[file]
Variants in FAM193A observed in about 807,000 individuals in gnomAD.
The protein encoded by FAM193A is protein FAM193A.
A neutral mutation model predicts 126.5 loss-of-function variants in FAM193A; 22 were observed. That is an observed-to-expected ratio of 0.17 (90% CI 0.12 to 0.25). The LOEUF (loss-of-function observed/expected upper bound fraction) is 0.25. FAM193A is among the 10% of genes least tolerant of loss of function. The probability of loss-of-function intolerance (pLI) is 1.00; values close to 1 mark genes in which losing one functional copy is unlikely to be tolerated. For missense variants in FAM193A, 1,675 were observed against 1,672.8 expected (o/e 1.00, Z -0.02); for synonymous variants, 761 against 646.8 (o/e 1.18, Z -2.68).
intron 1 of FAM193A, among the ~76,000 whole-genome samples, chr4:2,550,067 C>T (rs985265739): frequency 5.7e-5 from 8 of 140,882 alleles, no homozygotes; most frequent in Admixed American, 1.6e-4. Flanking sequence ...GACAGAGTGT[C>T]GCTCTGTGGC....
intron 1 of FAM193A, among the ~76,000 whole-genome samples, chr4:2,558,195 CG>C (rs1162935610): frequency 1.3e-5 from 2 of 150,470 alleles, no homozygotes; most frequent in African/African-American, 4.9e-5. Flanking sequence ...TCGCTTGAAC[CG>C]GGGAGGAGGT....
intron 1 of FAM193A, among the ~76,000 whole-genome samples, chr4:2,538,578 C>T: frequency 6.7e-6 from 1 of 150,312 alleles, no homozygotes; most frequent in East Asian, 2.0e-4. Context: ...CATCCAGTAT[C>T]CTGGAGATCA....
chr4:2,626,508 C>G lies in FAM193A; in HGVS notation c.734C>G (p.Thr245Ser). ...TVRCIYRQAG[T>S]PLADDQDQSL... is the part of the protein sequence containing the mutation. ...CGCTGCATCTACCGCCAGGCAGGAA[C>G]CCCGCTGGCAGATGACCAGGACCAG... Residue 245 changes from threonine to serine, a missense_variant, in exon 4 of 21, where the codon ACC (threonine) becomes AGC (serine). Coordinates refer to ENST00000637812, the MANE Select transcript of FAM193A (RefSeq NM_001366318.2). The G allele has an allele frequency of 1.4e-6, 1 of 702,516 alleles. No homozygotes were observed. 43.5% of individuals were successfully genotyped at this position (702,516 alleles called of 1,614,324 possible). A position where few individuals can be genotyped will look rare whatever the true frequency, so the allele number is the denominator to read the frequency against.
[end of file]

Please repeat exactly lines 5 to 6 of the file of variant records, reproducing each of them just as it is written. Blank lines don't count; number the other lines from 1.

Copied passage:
intron 1 of FAM193A, among the ~76,000 whole-genome samples, chr4:2,558,195 CG>C (rs1162935610): frequency 1.3e-5 from 2 of 150,470 alleles, no homozygotes; most frequent in African/African-American, 4.9e-5. Flanking sequence ...TCGCTTGAAC[CG>C]GGGAGGAGGT....
intron 1 of FAM193A, among the ~76,000 whole-genome samples, chr4:2,538,578 C>T: frequency 6.7e-6 from 1 of 150,312 alleles, no homozygotes; most frequent in East Asian, 2.0e-4. Context: ...CATCCAGTAT[C>T]CTGGAGATCA....